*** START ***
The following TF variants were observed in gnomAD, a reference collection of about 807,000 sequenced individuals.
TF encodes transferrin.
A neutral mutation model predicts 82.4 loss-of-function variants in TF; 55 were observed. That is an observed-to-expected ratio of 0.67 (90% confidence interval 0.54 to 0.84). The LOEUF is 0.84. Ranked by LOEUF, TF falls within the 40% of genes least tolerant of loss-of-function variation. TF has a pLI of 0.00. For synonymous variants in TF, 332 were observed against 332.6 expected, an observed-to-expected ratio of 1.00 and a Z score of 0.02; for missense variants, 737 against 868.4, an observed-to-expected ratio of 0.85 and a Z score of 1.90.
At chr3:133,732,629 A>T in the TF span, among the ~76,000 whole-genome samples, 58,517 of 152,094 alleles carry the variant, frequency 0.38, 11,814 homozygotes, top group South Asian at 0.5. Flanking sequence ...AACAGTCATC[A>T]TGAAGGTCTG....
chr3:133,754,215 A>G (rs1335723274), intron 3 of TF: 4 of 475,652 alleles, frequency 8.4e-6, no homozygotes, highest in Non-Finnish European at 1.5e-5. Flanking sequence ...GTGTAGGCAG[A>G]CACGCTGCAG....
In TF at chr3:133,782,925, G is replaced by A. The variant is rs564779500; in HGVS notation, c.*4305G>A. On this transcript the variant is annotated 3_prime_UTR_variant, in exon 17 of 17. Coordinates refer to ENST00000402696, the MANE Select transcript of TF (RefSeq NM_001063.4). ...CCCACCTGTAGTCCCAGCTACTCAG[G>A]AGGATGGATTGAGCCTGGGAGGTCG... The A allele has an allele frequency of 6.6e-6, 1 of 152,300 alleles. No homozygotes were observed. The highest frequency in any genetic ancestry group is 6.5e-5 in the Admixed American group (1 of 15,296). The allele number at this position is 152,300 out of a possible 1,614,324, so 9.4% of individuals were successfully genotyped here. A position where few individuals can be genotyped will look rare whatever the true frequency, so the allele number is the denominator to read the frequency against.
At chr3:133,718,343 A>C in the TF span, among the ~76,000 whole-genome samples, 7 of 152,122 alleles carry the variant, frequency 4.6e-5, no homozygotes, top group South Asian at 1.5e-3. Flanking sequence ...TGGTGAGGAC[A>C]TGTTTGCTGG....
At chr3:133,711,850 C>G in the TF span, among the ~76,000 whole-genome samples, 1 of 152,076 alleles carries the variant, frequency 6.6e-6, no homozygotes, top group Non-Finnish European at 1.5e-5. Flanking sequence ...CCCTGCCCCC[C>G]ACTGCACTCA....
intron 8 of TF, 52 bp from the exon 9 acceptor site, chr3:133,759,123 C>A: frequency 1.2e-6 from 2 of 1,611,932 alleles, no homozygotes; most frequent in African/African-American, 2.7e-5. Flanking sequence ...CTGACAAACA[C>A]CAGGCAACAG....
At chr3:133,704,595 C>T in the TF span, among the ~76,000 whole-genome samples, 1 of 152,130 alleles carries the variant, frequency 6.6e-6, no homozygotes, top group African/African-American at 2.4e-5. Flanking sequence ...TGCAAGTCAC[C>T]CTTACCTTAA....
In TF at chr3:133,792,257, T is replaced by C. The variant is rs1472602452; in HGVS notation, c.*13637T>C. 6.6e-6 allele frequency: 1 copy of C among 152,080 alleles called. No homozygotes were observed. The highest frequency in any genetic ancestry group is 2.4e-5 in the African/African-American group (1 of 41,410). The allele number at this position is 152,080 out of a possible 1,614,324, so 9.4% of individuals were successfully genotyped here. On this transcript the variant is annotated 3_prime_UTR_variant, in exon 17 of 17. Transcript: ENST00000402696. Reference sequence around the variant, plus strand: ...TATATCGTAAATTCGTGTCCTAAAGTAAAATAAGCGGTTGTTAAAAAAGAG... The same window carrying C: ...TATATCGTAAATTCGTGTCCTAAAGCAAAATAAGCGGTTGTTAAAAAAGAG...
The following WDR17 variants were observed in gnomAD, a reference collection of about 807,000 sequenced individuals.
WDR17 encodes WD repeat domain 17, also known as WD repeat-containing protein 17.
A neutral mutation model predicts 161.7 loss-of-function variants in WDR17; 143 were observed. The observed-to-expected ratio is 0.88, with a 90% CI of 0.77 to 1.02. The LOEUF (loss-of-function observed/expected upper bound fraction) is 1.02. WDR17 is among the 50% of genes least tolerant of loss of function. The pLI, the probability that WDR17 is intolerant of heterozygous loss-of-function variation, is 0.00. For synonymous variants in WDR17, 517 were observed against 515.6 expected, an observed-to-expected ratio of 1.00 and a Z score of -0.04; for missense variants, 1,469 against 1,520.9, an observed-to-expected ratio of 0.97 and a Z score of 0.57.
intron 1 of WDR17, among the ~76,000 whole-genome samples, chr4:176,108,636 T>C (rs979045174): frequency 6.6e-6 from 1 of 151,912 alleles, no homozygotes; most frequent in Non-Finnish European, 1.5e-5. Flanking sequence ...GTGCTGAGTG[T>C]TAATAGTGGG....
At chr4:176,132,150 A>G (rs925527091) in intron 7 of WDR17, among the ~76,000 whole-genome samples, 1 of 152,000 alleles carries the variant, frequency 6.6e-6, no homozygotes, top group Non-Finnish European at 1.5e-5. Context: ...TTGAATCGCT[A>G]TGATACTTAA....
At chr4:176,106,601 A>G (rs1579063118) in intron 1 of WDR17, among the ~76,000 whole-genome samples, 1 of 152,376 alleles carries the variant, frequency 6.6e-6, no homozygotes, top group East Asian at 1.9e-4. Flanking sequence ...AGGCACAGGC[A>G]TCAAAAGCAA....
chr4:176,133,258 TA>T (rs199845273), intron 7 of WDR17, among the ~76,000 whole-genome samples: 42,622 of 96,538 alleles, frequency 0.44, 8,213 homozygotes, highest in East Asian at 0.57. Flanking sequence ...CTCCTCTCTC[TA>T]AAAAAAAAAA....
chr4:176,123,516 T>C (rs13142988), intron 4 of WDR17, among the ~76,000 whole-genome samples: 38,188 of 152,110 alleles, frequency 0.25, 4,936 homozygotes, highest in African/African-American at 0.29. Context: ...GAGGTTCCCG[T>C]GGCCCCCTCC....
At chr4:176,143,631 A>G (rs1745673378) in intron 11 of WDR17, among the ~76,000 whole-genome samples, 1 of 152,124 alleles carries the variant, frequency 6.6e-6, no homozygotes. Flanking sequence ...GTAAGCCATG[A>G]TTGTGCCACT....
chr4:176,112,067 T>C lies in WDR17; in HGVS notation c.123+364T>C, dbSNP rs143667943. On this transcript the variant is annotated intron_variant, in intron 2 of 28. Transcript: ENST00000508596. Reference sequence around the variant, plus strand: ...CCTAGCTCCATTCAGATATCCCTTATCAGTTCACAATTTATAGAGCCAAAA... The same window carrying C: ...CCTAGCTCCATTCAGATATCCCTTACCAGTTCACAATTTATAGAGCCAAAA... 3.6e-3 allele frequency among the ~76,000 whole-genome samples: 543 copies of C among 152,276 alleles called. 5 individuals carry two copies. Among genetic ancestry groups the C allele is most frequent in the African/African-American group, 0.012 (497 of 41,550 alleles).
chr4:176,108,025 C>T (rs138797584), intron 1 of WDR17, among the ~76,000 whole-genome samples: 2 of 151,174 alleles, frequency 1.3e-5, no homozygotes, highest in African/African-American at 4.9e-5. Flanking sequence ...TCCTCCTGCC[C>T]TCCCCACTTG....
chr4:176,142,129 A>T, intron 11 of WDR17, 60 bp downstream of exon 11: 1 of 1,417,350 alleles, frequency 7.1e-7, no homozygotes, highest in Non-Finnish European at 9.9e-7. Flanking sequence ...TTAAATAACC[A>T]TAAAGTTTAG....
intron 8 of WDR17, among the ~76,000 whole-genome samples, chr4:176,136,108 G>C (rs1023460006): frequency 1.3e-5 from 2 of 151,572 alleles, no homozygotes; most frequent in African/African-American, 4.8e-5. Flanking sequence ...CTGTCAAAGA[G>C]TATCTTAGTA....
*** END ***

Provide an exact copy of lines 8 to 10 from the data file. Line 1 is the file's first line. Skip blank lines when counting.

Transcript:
At chr3:133,711,850 C>G in the TF span, among the ~76,000 whole-genome samples, 1 of 152,076 alleles carries the variant, frequency 6.6e-6, no homozygotes, top group Non-Finnish European at 1.5e-5. Flanking sequence ...CCCTGCCCCC[C>G]ACTGCACTCA....
intron 8 of TF, 52 bp from the exon 9 acceptor site, chr3:133,759,123 C>A: frequency 1.2e-6 from 2 of 1,611,932 alleles, no homozygotes; most frequent in African/African-American, 2.7e-5. Flanking sequence ...CTGACAAACA[C>A]CAGGCAACAG....
At chr3:133,704,595 C>T in the TF span, among the ~76,000 whole-genome samples, 1 of 152,130 alleles carries the variant, frequency 6.6e-6, no homozygotes, top group African/African-American at 2.4e-5. Flanking sequence ...TGCAAGTCAC[C>T]CTTACCTTAA....